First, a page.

In addition to the rumor-mongering in the wake of Monday's chaos, CNN and the Associated Press on Wednesday reported that investigators had identified a suspect and/or had made an arrest. The reports were wrong, prompting the FBI to make this appeal: "Contrary to widespread reporting, there have been no arrests made in connection with the Boston Marathon attack. ... Since these stories often have unintended consequences, we ask the media, particularly at this stage of the investigation, to exercise caution and attempt to verify information through appropriate official channels before reporting."
That's reporting 101, But too often "verifying information" gets lost in the race to report something first in our 24/7 "breaking news" cycle, and demand for "instant everything," including an arrest in this case. But running with rumors not only can hurt the investigation, it tarnishes all media.
In another breach of ethics, the New York Daily News admitted that it digitally altered a front-page photograph of a marathon bombing victim so that the woman's pants covered her horrific leg wounds, according to verified news reports.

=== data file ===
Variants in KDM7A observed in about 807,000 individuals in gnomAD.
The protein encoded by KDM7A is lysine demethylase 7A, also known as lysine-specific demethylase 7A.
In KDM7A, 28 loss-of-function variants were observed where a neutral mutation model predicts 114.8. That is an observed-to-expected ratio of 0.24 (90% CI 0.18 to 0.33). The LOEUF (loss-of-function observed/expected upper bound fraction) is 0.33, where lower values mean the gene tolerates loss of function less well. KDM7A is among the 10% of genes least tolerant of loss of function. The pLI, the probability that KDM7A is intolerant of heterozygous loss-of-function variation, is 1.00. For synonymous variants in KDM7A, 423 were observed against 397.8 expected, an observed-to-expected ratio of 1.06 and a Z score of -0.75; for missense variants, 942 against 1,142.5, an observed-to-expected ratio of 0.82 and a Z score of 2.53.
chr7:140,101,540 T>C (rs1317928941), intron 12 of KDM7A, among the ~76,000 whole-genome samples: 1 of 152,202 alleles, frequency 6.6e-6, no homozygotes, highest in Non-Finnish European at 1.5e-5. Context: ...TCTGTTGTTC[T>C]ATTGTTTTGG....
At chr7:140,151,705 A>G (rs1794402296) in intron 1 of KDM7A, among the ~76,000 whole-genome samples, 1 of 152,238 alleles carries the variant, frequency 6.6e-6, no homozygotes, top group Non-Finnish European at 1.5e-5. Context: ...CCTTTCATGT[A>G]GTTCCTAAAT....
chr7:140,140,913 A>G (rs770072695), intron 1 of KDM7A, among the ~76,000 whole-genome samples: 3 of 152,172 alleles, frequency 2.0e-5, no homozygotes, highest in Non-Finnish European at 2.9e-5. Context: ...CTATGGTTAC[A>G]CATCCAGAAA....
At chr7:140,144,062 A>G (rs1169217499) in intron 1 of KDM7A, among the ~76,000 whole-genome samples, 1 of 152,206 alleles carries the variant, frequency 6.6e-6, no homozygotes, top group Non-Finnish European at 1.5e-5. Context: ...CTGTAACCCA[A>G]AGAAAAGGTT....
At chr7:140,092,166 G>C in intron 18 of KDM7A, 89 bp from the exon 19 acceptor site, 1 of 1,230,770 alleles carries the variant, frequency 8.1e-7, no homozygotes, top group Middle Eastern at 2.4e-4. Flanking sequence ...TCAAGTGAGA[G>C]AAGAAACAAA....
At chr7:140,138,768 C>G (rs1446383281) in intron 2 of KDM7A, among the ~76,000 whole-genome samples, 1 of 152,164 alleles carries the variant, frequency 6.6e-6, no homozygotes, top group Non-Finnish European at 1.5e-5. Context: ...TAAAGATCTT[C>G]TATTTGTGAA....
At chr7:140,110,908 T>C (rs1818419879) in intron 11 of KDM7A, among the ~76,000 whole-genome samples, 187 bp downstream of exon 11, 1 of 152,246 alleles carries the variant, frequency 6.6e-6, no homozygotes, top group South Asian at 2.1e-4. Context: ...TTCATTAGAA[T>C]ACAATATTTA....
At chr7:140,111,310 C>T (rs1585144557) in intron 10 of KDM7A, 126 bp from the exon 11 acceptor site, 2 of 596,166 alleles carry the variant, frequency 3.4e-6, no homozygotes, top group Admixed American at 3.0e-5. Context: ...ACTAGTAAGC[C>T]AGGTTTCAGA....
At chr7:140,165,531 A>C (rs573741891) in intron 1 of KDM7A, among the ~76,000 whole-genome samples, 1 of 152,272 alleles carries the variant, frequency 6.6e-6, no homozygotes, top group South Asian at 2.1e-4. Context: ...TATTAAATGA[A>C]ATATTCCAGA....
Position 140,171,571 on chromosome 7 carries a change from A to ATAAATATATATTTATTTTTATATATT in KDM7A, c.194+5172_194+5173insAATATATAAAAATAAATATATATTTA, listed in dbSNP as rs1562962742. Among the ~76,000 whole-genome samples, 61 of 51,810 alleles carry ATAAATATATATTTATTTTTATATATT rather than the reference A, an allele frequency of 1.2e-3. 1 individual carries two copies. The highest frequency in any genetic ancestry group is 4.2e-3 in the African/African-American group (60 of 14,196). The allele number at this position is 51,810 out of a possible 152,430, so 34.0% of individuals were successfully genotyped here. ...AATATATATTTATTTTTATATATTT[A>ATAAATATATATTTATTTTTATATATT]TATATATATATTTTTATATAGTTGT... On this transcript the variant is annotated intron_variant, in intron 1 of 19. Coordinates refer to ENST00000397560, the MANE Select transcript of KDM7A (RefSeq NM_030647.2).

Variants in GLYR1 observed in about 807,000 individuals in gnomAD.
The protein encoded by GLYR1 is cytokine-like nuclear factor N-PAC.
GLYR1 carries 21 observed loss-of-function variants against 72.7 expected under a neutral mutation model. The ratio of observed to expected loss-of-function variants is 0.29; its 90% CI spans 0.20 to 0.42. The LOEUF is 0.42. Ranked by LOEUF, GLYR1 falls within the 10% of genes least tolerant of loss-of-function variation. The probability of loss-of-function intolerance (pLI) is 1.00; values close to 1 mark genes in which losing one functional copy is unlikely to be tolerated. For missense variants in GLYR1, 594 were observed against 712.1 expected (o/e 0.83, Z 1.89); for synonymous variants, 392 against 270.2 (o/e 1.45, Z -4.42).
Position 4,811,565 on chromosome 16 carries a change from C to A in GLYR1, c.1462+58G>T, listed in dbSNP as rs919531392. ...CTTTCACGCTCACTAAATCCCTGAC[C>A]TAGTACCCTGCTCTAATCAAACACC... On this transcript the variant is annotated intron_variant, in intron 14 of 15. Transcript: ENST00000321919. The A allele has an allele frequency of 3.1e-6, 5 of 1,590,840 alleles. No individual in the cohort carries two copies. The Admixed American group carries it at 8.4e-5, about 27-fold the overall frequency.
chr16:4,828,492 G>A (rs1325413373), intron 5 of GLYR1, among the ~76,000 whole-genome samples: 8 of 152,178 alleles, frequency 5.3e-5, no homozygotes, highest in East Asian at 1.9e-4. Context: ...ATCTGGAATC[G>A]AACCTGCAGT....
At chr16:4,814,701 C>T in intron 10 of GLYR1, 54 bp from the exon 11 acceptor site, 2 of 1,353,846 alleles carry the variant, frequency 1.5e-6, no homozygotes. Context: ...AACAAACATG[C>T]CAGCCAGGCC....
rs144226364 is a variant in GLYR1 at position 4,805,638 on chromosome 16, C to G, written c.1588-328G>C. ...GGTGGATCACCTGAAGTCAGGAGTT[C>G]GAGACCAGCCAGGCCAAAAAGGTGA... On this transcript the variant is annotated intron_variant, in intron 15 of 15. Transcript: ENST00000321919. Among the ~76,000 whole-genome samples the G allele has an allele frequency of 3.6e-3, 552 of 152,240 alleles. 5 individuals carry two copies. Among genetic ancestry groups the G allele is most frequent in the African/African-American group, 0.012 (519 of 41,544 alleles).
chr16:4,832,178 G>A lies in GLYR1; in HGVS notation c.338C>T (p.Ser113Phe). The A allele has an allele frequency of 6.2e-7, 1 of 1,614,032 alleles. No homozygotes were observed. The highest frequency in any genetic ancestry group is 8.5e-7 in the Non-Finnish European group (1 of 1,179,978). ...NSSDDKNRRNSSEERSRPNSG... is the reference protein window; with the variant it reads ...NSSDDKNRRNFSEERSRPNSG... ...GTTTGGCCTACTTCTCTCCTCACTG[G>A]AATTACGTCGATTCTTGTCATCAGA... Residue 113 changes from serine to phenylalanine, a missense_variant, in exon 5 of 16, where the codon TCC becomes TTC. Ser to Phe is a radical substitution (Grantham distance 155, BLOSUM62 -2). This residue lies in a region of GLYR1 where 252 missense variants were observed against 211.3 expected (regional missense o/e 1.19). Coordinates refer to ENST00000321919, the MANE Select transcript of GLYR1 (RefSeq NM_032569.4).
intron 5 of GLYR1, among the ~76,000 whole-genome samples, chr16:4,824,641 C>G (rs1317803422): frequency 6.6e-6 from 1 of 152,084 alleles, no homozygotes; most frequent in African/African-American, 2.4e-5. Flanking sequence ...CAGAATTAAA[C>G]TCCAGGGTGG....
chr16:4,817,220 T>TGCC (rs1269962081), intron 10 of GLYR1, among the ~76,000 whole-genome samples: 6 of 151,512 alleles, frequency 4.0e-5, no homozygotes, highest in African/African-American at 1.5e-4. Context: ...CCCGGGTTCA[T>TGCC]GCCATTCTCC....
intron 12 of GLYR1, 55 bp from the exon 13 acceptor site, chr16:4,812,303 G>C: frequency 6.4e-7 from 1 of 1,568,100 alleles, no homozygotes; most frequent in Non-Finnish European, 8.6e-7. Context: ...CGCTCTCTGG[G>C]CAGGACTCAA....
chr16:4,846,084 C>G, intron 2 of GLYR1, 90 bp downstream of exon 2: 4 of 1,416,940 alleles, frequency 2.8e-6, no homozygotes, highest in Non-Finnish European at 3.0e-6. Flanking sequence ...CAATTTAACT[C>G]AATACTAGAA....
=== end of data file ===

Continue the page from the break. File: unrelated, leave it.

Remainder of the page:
More journalism 101. No manipulating of images. No sanitizing the truth. If a photo is deemed too gory to be printed, it's not printed. (In fairness to the actual journalists at the Daily News, sources said the decision "came from the top" and that "photographers and editors are so embarrassed and saddened by this.")
Imediaethics.org also reported these errors from Monday:
The AP reported that all cellphone service was been shut down in the Boston area to prevent any potential remote detonations of explosives. An hour later, it reported that was not the case.
The New York Post reported that 12 people were dead and claimed "law enforcement sources" said that there's "a suspect -- a Saudi Arabian national" who is 20 years old "under guard at an undisclosed Boston hospital." Despite authorities repeatedly saying there weren't any suspects in custody.
Investigations take time. In law enforcement and journalism, "just the facts" is the rule. Unfortunately, as we've seen this week, too many "news organizations" operate in the opposite fashion: Don't let the facts get in the way of a "scoop." News organizations need to police themselves if credibility and trust mean anything to them. It's supposed to be the job of editors, not the FBI, to remind journalists to "exercise caution." Come on, Fourth Estate, do better.
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